Throughout history, many literary works, songs, and operas have told or alluded to the story of the Cowherd and the Weaver Girl. While the earliest recorded reference to the love story appeared in The Classic of Poetry more than 2,500 years ago, the pair’s romance was also referenced in Dù Fǔ’s 杜甫 Tang Dynasty-era poem “Tian He” (or “The Heavenly River”) during the 8th century, and in Qín Guān’s 秦观 Song Dynasty-era poem “Que Qiao Xian” (or “Immortals at the Magpie Bridge”) during the 11th century.

More recently, the relay satellite launched by the China National Space Administration in 2018 was named Queqiao, or “Magpie Bridge,” as it serves to transmit communications between Earth and the far side of the moon. A Google Doodle also commemorates the romantic holiday every year.

The tale of the Cowherd and the Weaver Girl has also inspired many folk customs. Traditionally, women make sacrificial offerings to Weaver Girl, praying to her for dexterity and threading a needle by moonlight to honor her. Children hang wildflowers on oxen’s horns to honor the ox who sacrificed himself to reunite the two lovers. Men and women release floating lanterns onto rivers to pay homage to the pair. In some cities, girls even listen for the whispers of Cowherd and Weaver Girl, believing those who can hear them will soon find love.

Many folk traditions associated with Qixi Festival have waned with time, with experts partly attributing this to the fact that the date is not recognized as a national holiday, despite being named a municipal-level intangible cultural heritage by China’s State Council. Unlike holidays such as the Dragon Boat Festival and the Mid-Autumn Festival — which are symbolized and commemorated with sticky rice dumplings and mooncakes, respectively — Qixi Festival has not been strongly associated with any particular food or item.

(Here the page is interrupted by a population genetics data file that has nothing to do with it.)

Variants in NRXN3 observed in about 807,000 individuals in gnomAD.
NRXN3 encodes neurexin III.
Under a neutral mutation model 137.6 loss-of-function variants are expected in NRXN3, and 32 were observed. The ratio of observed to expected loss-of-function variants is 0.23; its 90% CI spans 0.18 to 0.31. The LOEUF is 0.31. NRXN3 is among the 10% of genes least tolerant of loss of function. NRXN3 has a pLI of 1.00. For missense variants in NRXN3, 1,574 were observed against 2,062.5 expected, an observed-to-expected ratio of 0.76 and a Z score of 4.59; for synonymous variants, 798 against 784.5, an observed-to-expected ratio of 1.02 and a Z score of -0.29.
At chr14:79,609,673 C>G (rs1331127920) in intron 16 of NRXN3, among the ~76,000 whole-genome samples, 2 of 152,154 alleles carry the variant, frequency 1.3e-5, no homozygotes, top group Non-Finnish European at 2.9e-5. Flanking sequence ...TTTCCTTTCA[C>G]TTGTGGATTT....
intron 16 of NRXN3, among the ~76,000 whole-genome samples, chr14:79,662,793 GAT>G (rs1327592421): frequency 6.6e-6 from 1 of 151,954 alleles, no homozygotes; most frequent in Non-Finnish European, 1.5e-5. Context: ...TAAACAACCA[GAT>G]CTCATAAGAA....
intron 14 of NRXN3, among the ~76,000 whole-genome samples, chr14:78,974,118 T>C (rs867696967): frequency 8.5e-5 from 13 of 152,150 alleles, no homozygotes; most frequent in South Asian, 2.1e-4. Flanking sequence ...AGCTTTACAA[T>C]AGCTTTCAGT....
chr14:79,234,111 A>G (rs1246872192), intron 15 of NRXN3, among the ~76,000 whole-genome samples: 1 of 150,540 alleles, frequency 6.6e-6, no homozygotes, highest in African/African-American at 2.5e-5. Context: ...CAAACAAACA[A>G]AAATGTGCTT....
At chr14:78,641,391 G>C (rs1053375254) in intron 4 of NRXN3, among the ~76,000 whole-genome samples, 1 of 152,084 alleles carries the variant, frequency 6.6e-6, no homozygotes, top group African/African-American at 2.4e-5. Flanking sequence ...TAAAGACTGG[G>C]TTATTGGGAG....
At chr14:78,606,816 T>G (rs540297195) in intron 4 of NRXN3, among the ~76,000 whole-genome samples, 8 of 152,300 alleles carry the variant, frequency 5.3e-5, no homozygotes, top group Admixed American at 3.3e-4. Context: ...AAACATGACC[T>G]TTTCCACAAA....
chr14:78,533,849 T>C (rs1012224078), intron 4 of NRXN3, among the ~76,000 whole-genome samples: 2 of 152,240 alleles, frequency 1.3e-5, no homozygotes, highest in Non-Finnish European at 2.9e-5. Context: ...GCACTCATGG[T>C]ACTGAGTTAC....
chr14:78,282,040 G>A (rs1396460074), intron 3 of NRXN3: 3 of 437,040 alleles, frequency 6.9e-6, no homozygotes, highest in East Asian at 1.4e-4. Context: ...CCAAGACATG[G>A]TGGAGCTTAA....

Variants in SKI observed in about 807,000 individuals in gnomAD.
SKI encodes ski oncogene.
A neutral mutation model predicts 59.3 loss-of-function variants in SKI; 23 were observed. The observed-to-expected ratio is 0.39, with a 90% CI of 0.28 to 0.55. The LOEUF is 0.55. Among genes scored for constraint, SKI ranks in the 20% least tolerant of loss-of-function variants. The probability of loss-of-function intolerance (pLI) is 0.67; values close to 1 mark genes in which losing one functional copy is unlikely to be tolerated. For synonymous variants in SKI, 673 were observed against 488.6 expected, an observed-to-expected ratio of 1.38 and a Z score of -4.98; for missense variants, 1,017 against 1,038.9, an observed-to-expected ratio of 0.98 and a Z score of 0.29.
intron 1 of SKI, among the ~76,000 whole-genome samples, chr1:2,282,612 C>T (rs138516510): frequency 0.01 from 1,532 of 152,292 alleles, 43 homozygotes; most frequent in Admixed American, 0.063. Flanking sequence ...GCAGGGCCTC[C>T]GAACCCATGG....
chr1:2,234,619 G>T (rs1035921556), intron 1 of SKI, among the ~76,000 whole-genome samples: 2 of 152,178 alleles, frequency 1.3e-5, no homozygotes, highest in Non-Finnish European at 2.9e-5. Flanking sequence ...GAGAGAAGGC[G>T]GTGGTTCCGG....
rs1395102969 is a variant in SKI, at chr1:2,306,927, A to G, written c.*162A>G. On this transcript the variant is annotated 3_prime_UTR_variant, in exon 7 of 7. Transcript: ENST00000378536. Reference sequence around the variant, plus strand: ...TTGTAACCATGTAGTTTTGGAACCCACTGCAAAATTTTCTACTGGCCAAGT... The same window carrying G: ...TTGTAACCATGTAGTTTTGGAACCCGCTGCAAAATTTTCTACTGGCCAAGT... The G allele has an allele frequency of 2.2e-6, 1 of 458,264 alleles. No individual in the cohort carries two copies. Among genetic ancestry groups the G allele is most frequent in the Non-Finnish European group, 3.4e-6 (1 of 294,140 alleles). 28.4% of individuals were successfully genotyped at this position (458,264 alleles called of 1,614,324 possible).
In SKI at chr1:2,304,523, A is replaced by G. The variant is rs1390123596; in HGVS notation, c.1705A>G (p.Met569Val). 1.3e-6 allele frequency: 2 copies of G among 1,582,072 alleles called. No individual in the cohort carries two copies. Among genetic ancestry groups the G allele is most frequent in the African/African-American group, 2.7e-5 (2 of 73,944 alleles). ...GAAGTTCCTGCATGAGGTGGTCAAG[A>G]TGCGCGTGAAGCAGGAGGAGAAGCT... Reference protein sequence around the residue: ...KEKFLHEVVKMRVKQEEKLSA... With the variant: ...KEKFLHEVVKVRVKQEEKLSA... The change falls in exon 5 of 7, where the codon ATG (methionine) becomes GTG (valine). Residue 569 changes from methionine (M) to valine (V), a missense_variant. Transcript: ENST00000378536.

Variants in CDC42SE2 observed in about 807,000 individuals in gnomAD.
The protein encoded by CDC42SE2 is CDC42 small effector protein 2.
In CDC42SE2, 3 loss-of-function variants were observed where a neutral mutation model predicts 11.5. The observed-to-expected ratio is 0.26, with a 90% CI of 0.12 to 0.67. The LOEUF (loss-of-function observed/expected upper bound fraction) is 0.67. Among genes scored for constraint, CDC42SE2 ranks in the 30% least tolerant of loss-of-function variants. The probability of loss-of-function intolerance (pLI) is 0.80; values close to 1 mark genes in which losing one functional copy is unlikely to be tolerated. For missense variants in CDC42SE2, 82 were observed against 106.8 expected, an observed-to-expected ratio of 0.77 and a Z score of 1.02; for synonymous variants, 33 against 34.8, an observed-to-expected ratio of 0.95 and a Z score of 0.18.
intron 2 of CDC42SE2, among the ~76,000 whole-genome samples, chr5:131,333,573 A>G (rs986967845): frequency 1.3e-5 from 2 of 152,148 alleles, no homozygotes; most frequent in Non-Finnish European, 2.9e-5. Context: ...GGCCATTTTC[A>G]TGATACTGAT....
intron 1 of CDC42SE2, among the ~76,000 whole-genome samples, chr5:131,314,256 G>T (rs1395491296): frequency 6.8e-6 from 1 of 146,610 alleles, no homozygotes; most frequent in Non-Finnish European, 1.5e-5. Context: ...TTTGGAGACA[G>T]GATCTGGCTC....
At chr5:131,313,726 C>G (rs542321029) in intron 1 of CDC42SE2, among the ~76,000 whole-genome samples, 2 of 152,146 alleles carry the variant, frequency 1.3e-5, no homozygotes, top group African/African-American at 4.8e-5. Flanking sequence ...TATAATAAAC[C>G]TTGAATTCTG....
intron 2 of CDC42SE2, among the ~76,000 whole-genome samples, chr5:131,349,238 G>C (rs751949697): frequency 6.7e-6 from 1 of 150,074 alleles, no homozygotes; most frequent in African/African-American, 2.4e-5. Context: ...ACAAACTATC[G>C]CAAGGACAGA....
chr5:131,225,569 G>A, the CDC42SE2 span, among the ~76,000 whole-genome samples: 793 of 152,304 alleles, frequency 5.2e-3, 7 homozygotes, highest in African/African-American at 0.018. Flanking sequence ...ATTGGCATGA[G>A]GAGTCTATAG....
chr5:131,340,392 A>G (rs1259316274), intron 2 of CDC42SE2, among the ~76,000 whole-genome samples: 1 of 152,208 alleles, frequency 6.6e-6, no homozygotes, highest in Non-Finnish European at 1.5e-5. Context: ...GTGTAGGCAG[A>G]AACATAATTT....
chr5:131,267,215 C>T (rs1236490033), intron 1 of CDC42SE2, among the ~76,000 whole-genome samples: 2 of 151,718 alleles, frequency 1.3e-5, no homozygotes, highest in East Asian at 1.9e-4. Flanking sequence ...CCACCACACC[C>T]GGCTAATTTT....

Still, Qixi Festival is always a popular day for couples to tie the knot, with tens of thousands of couples choosing to hold their wedding ceremonies or get their marriage certificates on this date.

The story in business and commerce

Angelababy Qixi Dior Amour collection

Like many holidays around the world, Qixi Festival has seen increasing commercialization over the years.

Ahead of the holiday, retailers promote sales of goods such as flowers and chocolates. Many luxury brands have also capitalized on the festival to release limited-edition collections in the Chinese market. In 2019, Italian luxury fashion house Prada unveiled a WeChat Mini Program inviting Chinese users to explore a virtual garden, open love messages, and order items from the Qixi Festival capsule collection. Also in 2019, French luxury goods company Dior launched the Qixi Dior Amour collection with handbags, accessories, and shoes, styling celebrities including actress Angelababy in head-to-toe Dior to promote the occasion. However, some brands have drawn the ire of Chinese netizens for releasing what they deem to be tacky collections targeting the country’s market.

Critics of the holiday’s commercialization say that the festival has become more and more removed from its folk origins, and that materialism is undermining the date’s cultural significance.

Folklorist Wang Hengzhan told China Daily, “It should be about the Chinese tradition of belief in love and perseverance for true love.”

In 2010, Chinese media outlets made a push to uphold the Qixi Festival’s folkloric traditions. Hubei Satellite TV presented the Qixi Festival Love Song Gala to broadcast positive messages about marital, familial, and platonic love. The same year, the Hunan Broadcasting System aired a series of shows called “Our Festivals,” exploring several traditional festivals that China is bidding UNESCO to recognize as “Intangible Cultural Heritage.”